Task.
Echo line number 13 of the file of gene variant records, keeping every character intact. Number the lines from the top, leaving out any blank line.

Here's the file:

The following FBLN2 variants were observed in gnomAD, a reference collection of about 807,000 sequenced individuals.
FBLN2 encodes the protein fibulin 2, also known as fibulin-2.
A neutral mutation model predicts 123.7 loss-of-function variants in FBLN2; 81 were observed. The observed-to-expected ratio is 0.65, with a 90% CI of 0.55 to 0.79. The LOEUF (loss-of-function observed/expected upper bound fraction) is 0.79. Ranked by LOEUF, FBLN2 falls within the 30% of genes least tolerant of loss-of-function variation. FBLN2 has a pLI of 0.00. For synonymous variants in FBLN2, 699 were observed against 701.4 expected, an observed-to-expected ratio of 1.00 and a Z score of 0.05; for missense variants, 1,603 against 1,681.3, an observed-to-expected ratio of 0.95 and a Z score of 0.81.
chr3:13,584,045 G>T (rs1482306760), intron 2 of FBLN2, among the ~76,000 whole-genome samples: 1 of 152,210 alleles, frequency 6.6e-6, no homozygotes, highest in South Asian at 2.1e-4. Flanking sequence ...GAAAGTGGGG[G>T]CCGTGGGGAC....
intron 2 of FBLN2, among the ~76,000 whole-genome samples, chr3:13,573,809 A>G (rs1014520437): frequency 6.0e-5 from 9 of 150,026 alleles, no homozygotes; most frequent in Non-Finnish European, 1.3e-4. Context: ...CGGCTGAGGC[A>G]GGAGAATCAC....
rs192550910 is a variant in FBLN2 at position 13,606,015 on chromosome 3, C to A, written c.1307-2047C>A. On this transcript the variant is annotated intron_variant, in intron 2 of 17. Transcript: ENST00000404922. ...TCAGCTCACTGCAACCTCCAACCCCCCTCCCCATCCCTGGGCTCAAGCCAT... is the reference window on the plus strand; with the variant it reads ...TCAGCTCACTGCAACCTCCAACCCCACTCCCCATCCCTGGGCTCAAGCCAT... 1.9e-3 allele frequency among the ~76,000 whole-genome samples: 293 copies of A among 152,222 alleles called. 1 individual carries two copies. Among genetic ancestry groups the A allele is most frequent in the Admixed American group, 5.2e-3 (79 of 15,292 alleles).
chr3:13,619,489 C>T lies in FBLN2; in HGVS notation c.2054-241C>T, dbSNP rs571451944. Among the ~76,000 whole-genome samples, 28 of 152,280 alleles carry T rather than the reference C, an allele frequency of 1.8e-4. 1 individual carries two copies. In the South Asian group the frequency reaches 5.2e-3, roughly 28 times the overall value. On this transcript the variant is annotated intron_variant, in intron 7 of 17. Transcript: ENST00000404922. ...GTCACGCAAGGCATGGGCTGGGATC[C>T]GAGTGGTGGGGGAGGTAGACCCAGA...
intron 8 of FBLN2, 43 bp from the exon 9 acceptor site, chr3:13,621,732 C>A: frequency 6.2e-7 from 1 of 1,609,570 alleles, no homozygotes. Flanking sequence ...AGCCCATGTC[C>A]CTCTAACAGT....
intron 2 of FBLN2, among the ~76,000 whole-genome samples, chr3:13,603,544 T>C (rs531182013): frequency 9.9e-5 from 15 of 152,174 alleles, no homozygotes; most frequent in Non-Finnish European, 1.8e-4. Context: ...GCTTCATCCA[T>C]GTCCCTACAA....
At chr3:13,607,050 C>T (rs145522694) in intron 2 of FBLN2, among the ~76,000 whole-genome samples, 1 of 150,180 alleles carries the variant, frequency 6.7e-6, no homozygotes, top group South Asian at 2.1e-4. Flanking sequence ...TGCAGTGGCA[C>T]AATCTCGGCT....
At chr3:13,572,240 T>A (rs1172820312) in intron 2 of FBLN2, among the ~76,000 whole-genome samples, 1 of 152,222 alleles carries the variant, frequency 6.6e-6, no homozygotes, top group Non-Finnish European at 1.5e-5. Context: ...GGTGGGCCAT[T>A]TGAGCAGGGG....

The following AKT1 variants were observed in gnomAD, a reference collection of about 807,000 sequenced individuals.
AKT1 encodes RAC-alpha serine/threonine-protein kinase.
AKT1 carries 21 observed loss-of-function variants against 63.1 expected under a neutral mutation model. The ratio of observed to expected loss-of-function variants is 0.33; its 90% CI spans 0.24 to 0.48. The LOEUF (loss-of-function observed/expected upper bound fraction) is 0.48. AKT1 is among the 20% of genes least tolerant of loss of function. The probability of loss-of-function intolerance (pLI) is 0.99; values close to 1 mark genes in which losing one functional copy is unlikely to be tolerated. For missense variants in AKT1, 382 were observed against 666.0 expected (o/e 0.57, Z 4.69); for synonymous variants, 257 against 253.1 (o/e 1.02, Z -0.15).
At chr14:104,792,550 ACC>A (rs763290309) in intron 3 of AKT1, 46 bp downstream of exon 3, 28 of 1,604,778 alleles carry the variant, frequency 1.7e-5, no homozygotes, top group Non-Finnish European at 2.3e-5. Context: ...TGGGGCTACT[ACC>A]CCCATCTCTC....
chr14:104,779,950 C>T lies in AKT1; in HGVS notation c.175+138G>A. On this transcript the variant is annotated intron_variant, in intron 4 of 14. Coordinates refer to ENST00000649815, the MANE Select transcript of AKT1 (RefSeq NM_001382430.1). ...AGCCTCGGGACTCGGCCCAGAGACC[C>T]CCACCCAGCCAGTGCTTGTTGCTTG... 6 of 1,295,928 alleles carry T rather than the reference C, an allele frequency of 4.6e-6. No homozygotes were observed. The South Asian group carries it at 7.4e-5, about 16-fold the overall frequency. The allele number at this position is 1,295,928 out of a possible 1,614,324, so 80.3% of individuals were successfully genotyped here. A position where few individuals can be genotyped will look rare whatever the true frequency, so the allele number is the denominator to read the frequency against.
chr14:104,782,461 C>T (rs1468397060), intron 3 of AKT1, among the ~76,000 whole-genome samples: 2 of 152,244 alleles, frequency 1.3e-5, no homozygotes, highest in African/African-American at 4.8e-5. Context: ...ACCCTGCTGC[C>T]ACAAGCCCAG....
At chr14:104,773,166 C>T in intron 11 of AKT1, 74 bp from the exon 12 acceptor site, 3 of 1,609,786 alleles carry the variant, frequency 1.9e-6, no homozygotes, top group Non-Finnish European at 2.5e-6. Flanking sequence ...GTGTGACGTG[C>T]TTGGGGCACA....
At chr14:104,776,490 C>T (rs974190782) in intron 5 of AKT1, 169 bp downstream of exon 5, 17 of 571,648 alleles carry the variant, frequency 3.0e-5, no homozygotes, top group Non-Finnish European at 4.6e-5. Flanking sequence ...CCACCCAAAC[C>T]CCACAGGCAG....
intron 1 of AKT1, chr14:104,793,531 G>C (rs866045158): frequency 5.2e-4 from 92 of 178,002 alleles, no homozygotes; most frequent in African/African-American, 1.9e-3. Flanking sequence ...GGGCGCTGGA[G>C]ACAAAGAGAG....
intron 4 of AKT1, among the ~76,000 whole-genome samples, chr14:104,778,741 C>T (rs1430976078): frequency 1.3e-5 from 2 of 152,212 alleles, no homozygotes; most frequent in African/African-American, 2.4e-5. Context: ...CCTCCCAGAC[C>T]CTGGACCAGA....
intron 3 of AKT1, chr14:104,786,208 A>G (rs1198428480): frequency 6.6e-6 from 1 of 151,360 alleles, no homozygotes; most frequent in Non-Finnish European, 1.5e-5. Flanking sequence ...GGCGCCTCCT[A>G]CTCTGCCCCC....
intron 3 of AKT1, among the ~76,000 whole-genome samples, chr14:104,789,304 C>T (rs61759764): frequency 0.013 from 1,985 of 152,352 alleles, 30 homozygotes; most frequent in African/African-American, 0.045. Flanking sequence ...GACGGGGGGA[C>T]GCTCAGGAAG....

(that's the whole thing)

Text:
AKT1 encodes RAC-alpha serine/threonine-protein kinase.